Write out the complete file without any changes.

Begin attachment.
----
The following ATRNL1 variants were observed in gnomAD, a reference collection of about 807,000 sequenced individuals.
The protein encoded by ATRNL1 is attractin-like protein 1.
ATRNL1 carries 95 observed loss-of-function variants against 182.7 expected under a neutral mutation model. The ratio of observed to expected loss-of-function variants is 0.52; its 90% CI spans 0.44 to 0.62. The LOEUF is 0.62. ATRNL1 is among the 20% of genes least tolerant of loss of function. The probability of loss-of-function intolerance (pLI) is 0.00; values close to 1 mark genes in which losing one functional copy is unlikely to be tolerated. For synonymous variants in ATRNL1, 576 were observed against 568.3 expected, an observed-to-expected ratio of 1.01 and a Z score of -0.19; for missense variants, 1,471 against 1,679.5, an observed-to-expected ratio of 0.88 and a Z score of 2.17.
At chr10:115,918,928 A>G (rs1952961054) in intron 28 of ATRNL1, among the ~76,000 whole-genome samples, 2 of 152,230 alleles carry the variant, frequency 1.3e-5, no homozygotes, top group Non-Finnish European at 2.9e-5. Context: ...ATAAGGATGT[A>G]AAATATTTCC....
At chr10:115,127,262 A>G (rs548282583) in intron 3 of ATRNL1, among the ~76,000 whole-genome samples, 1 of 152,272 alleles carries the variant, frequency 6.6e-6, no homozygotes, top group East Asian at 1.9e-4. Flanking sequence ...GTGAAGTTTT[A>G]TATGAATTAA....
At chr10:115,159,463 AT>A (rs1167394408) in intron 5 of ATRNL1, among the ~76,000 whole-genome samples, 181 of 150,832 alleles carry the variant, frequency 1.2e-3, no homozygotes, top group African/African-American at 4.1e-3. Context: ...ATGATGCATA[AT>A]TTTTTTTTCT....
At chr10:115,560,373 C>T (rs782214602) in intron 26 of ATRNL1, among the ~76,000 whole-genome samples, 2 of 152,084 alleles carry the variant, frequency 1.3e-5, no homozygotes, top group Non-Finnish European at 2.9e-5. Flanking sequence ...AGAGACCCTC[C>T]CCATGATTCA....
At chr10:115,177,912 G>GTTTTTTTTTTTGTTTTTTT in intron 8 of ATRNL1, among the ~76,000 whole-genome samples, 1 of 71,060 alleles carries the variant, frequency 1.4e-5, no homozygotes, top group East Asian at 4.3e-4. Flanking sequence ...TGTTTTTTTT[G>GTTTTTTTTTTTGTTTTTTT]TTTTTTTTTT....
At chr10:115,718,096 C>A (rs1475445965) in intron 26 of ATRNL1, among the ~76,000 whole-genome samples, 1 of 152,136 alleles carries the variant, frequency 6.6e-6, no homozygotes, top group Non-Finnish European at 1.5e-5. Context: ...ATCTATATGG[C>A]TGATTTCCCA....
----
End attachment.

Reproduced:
The following ATRNL1 variants were observed in gnomAD, a reference collection of about 807,000 sequenced individuals.
The protein encoded by ATRNL1 is attractin-like protein 1.
ATRNL1 carries 95 observed loss-of-function variants against 182.7 expected under a neutral mutation model. The ratio of observed to expected loss-of-function variants is 0.52; its 90% CI spans 0.44 to 0.62. The LOEUF is 0.62. ATRNL1 is among the 20% of genes least tolerant of loss of function. The probability of loss-of-function intolerance (pLI) is 0.00; values close to 1 mark genes in which losing one functional copy is unlikely to be tolerated. For synonymous variants in ATRNL1, 576 were observed against 568.3 expected, an observed-to-expected ratio of 1.01 and a Z score of -0.19; for missense variants, 1,471 against 1,679.5, an observed-to-expected ratio of 0.88 and a Z score of 2.17.
At chr10:115,918,928 A>G (rs1952961054) in intron 28 of ATRNL1, among the ~76,000 whole-genome samples, 2 of 152,230 alleles carry the variant, frequency 1.3e-5, no homozygotes, top group Non-Finnish European at 2.9e-5. Context: ...ATAAGGATGT[A>G]AAATATTTCC....
At chr10:115,127,262 A>G (rs548282583) in intron 3 of ATRNL1, among the ~76,000 whole-genome samples, 1 of 152,272 alleles carries the variant, frequency 6.6e-6, no homozygotes, top group East Asian at 1.9e-4. Flanking sequence ...GTGAAGTTTT[A>G]TATGAATTAA....
At chr10:115,159,463 AT>A (rs1167394408) in intron 5 of ATRNL1, among the ~76,000 whole-genome samples, 181 of 150,832 alleles carry the variant, frequency 1.2e-3, no homozygotes, top group African/African-American at 4.1e-3. Context: ...ATGATGCATA[AT>A]TTTTTTTTCT....
At chr10:115,560,373 C>T (rs782214602) in intron 26 of ATRNL1, among the ~76,000 whole-genome samples, 2 of 152,084 alleles carry the variant, frequency 1.3e-5, no homozygotes, top group Non-Finnish European at 2.9e-5. Flanking sequence ...AGAGACCCTC[C>T]CCATGATTCA....
At chr10:115,177,912 G>GTTTTTTTTTTTGTTTTTTT in intron 8 of ATRNL1, among the ~76,000 whole-genome samples, 1 of 71,060 alleles carries the variant, frequency 1.4e-5, no homozygotes, top group East Asian at 4.3e-4. Flanking sequence ...TGTTTTTTTT[G>GTTTTTTTTTTTGTTTTTTT]TTTTTTTTTT....
At chr10:115,718,096 C>A (rs1475445965) in intron 26 of ATRNL1, among the ~76,000 whole-genome samples, 1 of 152,136 alleles carries the variant, frequency 6.6e-6, no homozygotes, top group Non-Finnish European at 1.5e-5. Context: ...ATCTATATGG[C>A]TGATTTCCCA....